A complimentary copy of this book was provided by Netgalley. I was not required to write a positive review, and have not been compensated for this. All opinions are my own.
Published by Moody Publishers on 2014
Genres: Christian, Fiction, Historical
Two women. Alone. With no provision. Can a woman who has lost everything, except her beloved mother, find hope in a foreign land?
Ruth leaves her home with a barren womb and an empty future, after losing her husband. She forsakes her abusive parents and follows the woman she has grown to love as a true parent, her husband's mother, Naomi.
Ruth arrives in Israel with nothing to recommend her but Naomi's, love. She is destitute, grief-stricken, and unwanted by the people of God. Her loftiest hope is to provide enough food to save Naomi and herself from starvation. She is reduced to gathering leftovers once the harvesters have finished collecting grain from the field. A job only for the lowest of the low.
But God has other plans for her life.
While everyone considers Ruth an unworthy outsider, Ruth is shocked to find the owner of the field-one of the wealthiest and most honored men of Judah-is showing her favor. Long since a widower and determined to stay that way, Boaz finds himself irresistibly drawn to the foreign woman with the dark, haunted eyes. He tells himself he is only being kind to his Cousin Naomi's chosen daughter when he goes out of his way to protect her from harm, but his heart knows better.
Obstacles. Heartache. Withered dreams. How can God forge love, passion, and new hope between two such different people?
Suggested Age: 18+
Genre:Biblical Fiction, Christian Fiction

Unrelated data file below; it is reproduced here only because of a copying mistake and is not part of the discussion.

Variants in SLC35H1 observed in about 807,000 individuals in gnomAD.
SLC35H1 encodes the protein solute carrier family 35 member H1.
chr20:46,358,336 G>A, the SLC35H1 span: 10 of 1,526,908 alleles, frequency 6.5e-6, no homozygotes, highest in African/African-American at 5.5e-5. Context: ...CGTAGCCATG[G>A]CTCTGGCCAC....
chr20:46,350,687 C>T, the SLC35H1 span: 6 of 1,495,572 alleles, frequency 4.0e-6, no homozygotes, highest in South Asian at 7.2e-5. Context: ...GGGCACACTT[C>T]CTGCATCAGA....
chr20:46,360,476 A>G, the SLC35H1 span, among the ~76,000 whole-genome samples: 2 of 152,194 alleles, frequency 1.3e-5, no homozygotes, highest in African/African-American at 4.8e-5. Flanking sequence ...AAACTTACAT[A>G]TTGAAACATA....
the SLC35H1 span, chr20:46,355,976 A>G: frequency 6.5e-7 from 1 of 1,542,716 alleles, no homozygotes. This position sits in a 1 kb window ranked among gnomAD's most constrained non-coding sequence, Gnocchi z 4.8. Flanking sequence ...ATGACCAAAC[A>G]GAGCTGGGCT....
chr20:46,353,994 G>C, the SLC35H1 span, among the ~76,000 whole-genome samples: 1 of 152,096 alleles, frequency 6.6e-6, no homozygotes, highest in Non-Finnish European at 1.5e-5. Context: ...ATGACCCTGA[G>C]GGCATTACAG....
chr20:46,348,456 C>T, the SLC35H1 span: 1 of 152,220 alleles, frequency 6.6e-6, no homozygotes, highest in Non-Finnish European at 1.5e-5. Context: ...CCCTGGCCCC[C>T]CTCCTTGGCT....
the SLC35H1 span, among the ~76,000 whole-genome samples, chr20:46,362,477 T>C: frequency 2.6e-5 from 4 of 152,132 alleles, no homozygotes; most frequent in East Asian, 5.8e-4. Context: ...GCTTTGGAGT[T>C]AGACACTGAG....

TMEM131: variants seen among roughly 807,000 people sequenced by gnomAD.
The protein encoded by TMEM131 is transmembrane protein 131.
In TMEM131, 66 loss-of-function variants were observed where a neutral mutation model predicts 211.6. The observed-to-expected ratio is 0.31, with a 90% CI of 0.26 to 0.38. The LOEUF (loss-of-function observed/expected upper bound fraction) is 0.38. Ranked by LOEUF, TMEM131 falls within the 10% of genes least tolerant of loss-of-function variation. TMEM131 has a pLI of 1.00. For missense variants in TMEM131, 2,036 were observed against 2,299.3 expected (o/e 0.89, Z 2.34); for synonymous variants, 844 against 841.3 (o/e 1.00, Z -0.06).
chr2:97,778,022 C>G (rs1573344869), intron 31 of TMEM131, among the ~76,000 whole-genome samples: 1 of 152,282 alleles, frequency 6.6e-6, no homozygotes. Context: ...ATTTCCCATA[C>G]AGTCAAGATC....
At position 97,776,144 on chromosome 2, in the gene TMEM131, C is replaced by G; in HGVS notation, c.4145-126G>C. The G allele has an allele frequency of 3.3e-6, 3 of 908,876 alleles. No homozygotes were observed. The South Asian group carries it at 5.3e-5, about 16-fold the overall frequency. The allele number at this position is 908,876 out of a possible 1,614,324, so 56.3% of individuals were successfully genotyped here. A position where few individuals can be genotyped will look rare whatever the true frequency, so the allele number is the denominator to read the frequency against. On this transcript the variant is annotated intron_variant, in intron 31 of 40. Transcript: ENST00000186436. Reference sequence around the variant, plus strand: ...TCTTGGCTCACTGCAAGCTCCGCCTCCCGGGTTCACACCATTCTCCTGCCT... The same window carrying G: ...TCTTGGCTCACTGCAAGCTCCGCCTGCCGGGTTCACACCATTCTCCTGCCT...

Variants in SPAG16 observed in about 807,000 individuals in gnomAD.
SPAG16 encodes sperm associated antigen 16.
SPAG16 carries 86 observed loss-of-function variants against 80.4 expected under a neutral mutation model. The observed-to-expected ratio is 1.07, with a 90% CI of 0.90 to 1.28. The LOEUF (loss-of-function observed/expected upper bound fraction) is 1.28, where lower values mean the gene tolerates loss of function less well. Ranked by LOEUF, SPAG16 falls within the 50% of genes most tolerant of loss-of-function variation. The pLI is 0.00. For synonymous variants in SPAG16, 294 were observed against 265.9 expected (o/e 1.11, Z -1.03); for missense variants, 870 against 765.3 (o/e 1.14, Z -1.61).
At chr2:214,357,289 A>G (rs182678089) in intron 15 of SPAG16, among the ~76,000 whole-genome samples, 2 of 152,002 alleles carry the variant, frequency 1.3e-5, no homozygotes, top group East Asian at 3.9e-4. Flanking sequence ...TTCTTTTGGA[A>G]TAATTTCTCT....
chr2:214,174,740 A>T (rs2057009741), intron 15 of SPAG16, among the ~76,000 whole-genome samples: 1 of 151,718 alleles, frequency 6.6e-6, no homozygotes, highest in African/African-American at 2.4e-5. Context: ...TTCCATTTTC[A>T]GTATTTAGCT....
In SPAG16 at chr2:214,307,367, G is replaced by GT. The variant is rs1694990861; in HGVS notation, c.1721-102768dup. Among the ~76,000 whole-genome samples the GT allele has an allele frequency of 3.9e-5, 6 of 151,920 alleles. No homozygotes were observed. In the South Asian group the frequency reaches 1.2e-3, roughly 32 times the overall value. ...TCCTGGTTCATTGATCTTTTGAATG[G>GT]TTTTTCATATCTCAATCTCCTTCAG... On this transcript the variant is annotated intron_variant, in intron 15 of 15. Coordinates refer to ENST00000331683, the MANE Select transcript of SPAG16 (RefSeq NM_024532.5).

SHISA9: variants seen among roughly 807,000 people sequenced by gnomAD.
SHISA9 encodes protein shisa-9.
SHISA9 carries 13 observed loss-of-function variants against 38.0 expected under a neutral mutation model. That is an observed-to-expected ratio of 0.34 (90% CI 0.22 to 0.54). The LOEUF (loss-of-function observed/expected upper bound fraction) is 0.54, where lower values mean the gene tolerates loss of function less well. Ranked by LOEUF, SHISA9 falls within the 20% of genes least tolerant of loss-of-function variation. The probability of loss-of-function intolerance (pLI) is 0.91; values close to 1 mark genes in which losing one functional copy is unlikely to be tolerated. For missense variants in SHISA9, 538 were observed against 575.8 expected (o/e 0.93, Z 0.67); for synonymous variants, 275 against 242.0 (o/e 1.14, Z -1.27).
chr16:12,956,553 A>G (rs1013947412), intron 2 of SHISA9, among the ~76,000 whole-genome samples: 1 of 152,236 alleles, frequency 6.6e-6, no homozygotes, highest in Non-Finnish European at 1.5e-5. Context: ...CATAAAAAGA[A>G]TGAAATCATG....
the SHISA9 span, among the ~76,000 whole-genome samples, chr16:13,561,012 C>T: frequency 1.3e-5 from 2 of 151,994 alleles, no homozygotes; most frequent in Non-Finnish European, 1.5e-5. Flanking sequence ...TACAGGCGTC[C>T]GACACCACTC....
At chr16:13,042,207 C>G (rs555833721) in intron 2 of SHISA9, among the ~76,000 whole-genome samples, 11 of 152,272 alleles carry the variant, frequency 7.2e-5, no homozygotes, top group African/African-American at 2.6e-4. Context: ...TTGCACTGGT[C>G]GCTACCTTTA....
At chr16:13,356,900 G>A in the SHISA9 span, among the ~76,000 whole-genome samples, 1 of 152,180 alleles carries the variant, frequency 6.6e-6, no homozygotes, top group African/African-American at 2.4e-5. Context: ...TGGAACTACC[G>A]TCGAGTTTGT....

I’m really not sure where to start with this review. I guess I’ll say—I LOVED the cover. I just wasn’t very crazy about the story.
I read quite a bit of historical fiction and Biblical fiction. I’m fine with fillers to the story but this stuff was kind of farfetched. Nowhere in the Bible does it mention that Boaz had another wife and children. I probably could have overlooked that but I also felt that some of the language wasn’t very—fitting. I don’t think “bumpkin” and “hussy” fits well in this type of story. I really can’t imagine Boaz even kidding with Ruth about her being a hussy…I think my jaw dropped when I read that. It feels too modern and out of place.
I also thought similes were overused and everyone in this story was nauseous over every little situation they faced in life. They were nauseous from heat or embarrassment or from hunger. These poor folks needed a prescription for Zofran…just saying.
Further, Ruth nearly died in every chapter it seems. This lady had very little luck. Heatstroke, hemorrhage, smoke inhalation…you name it and she nearly died from it.
I was also bothered that Ruth was credited as writing some of the poetry found in Song of Solomon—I’m not a Bible scholar so maybe I’m wrong but I’ve never read any inclination that Ruth was responsible for the poetry from the Song of Solomon. I read the author’s note on this matter but it still just didn’t resonate with me.
The swift point of view change from that of Ruth to Solomon and David was also rather abrupt. These are simply my views. You may read the book and love it. I won’t say that others shouldn’t read the book—simply that it was not a book that I particularly enjoyed.
Ruth the Moabite has traveled from Moab with her mother-in-law, Naomi. As expected, this story follows the basic storyline that is outlined in the Bible.
Ruth is a stranger in a strange land but finds the approval of Boaz, her kinsman redeemer. I thought the actual love story in this book was well written and the characters were fleshed out very well. Ruth and Boaz read in a voice that I would have imagined of them.
Overall, this book was okay. It’s not the worst book that I’ve ever read. I thought the characters were believable and even likable. You may or may not have the same issues that I had with the story. If you like Biblical fiction—you may still enjoy this tale!